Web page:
DA Limited is the designed-for-digital premiere prime series. The design focus is somewhat different: small, jewel-like "pancake" designs are favored, and even the models which aren't technically pancakes are quite compact. This is at the expense of a few stops in max aperture, the thinking apparently being that the amazing high-ISO capabilities of modern sensors make this less important. They do generally have nice bokeh, although maybe a little busier than that of the FA series. And a key point is that they're quite good wide open — you can get peak performance by stopping down a bit, but you don't need to. Autofocus is very fast (another advantage of keeping the weight of down), and while they feature solid metal construction, the focus rings have less throw, which, combined with the slower optics, makes manual focus not as enjoyable as with the FA series. Overall, the optical qualities are excellent, and while the FA lenses have legendary status, the DA lineup is by no means a step down.

    In 2013, Pentax announced a refresh of the five lenses in the DA Limited series, adding curved aperture blades and the improved "HD" optical coating. These versions have a red ring instead of the green ring found on the earlier models. The previous SMC coating was well-regarded, but theoretically these should have higher transmittance and even better control of flare and ghosting, and of course more attractive bokeh when stopped down. It's a pity they didn't add weather resistance, but that probably would have meant a significant redesign of the lens body.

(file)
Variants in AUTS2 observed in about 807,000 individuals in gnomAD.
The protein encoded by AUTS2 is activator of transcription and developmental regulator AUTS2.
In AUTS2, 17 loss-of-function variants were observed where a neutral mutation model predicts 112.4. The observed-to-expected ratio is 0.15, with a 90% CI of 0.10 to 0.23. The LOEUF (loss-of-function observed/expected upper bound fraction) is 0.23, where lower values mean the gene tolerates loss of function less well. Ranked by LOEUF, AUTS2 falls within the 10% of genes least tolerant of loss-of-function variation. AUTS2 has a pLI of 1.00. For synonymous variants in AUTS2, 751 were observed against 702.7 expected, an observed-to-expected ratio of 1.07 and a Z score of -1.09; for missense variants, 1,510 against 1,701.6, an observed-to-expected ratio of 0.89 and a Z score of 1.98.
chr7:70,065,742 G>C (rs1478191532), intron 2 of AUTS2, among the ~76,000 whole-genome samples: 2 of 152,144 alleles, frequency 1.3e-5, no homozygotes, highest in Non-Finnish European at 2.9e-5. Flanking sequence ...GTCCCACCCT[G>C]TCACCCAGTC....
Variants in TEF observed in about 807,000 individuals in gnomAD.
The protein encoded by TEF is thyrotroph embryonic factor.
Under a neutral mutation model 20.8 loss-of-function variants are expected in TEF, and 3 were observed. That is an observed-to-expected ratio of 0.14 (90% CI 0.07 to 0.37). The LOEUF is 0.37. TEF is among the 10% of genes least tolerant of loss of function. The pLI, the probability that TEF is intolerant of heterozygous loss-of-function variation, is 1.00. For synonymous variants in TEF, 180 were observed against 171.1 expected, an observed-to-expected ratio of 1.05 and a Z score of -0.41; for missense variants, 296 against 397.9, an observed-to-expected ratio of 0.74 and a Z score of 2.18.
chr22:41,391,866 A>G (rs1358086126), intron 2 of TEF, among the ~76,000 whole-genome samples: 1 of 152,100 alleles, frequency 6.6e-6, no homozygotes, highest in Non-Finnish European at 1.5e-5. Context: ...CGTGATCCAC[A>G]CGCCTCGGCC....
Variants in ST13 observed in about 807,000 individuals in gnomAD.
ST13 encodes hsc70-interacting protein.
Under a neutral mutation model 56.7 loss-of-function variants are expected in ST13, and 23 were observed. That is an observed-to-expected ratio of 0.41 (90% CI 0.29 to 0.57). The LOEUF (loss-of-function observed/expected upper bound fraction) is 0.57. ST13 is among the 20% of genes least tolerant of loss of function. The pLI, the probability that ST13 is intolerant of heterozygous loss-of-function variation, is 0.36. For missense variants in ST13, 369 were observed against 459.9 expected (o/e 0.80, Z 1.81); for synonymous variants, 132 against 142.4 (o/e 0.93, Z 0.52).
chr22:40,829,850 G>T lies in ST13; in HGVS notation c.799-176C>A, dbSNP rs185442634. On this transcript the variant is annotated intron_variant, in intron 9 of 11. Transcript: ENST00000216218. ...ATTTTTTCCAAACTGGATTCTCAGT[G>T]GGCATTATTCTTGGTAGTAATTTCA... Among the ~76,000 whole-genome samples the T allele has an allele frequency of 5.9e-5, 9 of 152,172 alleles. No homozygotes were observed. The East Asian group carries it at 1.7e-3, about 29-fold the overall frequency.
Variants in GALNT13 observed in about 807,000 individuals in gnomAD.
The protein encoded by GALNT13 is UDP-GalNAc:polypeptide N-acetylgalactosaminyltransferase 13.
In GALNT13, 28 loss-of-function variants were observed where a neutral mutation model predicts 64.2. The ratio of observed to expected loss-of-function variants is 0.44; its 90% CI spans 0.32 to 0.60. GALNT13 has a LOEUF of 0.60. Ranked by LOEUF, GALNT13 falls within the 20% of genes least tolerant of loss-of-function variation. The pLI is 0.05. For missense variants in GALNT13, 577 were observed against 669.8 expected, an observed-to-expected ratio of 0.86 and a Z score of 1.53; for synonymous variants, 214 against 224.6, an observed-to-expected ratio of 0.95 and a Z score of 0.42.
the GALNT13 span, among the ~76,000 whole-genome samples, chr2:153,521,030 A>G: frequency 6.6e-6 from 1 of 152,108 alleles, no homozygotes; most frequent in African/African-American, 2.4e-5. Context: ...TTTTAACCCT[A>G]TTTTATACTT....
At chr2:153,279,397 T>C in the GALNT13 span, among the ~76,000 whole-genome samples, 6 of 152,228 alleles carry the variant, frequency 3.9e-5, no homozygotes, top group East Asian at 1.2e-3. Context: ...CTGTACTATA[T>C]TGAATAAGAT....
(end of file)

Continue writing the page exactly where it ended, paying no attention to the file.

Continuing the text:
DA ★ (or DA Star) is Pentax's "high grade" designation. Lenses in this series are weather- and dust-sealed, and feature ultrasonic focus motors built into the lens. There's a few long telephoto lenses with this designation, and one portrait prime.

    Then, there are a few other lenses in production within the DA, FA, and D FA series. In general, the ones with a D are designed with digital in mind, and the FA means full-frame coverage. Up until recently, it was sure that the D FA models had a manual aperture ring, but Pentax doesn't seem to hold that sacred.

    There are also a lot of out-of-production lenses that are worth looking into, from the FA series and older. But in the interest of this-is-a-long-enough-post-already, I'll going to concentrate on only current models.

    So, on to specifics:

    Ultra-Wide

    smc DA 14mm F2.8 This is one of the older DA designs. I've only used it briefly in a store; my main impression was that it's relatively large and heavy. It's, basically, what you might expect from a fast ultrawide prime. I haven't really heard anyone raving about this lens one way or another.

    smc DA 15mm F4 ED AL Limited / HD DA 15mm F4 ED AL Limited I just got this, and, apart from struggling with wide-angle composition in general I really enjoy it. It's inevitably heavier and a bit bigger than the other DA Limited lenses, but still feels compact. The old-school distance scale on the lens is a nice touch, and the built-in lens hood is great. I don't really miss faster apertures at this focal length; generally I want more in focus, not less, and I tend to use it where there's plenty of light. Perspective distortion is inherent with ultra-wide, but barrel distortion is impressively controlled, and there's no other strange distortions or any optical problems to speak of. And for a wide-angle lens, it does an amazing job of handling flare — you can point this thing right at the sun and get nice results. Recommended, but probably not as your first starting point.

    Wide